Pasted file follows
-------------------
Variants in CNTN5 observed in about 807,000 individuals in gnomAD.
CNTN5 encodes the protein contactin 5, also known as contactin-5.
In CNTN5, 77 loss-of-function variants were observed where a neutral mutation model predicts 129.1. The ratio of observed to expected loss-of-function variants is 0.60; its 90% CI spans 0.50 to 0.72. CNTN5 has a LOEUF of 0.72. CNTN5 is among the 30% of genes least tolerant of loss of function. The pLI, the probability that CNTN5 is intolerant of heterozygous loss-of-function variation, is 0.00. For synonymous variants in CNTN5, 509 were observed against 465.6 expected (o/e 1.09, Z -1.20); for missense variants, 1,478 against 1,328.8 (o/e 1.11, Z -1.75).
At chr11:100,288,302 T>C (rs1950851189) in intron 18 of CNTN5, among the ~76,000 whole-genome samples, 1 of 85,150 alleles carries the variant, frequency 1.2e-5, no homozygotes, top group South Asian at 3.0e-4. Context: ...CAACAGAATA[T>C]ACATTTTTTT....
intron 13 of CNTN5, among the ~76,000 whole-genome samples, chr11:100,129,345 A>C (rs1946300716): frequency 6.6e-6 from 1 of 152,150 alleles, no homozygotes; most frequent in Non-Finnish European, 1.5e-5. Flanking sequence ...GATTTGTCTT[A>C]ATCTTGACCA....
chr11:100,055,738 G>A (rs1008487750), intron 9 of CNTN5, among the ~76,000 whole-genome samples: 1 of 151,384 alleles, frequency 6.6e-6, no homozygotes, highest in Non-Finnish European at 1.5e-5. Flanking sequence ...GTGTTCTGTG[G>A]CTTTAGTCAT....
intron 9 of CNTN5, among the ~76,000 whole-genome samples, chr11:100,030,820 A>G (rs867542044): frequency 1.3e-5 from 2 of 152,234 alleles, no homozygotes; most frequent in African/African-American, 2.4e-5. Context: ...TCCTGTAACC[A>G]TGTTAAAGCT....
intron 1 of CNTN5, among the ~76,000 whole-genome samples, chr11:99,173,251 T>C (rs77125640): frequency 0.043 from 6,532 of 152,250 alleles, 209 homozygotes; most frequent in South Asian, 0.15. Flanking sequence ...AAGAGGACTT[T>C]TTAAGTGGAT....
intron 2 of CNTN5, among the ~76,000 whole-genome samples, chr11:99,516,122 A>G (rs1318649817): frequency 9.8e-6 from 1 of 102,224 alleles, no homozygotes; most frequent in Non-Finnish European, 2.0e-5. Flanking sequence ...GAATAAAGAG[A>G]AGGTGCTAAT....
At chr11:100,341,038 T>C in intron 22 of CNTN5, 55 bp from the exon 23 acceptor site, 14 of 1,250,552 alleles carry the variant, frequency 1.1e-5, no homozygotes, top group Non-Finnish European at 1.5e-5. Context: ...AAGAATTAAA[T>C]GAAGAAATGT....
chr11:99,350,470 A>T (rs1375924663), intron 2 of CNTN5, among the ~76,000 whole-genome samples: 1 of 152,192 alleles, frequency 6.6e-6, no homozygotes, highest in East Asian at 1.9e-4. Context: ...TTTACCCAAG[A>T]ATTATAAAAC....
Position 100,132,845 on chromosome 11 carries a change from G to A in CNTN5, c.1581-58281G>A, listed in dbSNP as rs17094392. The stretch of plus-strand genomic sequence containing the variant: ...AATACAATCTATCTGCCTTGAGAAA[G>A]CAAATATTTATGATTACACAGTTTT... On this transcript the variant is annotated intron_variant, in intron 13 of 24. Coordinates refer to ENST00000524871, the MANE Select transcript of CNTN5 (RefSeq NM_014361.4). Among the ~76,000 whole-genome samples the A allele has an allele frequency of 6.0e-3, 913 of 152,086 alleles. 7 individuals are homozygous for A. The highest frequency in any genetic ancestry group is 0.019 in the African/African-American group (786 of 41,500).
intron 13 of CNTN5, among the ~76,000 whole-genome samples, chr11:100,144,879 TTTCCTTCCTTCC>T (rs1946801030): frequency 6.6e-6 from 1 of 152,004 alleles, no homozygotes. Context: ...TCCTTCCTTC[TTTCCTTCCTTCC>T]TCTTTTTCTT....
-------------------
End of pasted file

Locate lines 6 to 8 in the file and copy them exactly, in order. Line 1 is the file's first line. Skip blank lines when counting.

chr11:100,055,738 G>A (rs1008487750), intron 9 of CNTN5, among the ~76,000 whole-genome samples: 1 of 151,384 alleles, frequency 6.6e-6, no homozygotes, highest in Non-Finnish European at 1.5e-5. Flanking sequence ...GTGTTCTGTG[G>A]CTTTAGTCAT....
intron 9 of CNTN5, among the ~76,000 whole-genome samples, chr11:100,030,820 A>G (rs867542044): frequency 1.3e-5 from 2 of 152,234 alleles, no homozygotes; most frequent in African/African-American, 2.4e-5. Context: ...TCCTGTAACC[A>G]TGTTAAAGCT....
intron 1 of CNTN5, among the ~76,000 whole-genome samples, chr11:99,173,251 T>C (rs77125640): frequency 0.043 from 6,532 of 152,250 alleles, 209 homozygotes; most frequent in South Asian, 0.15. Flanking sequence ...AAGAGGACTT[T>C]TTAAGTGGAT....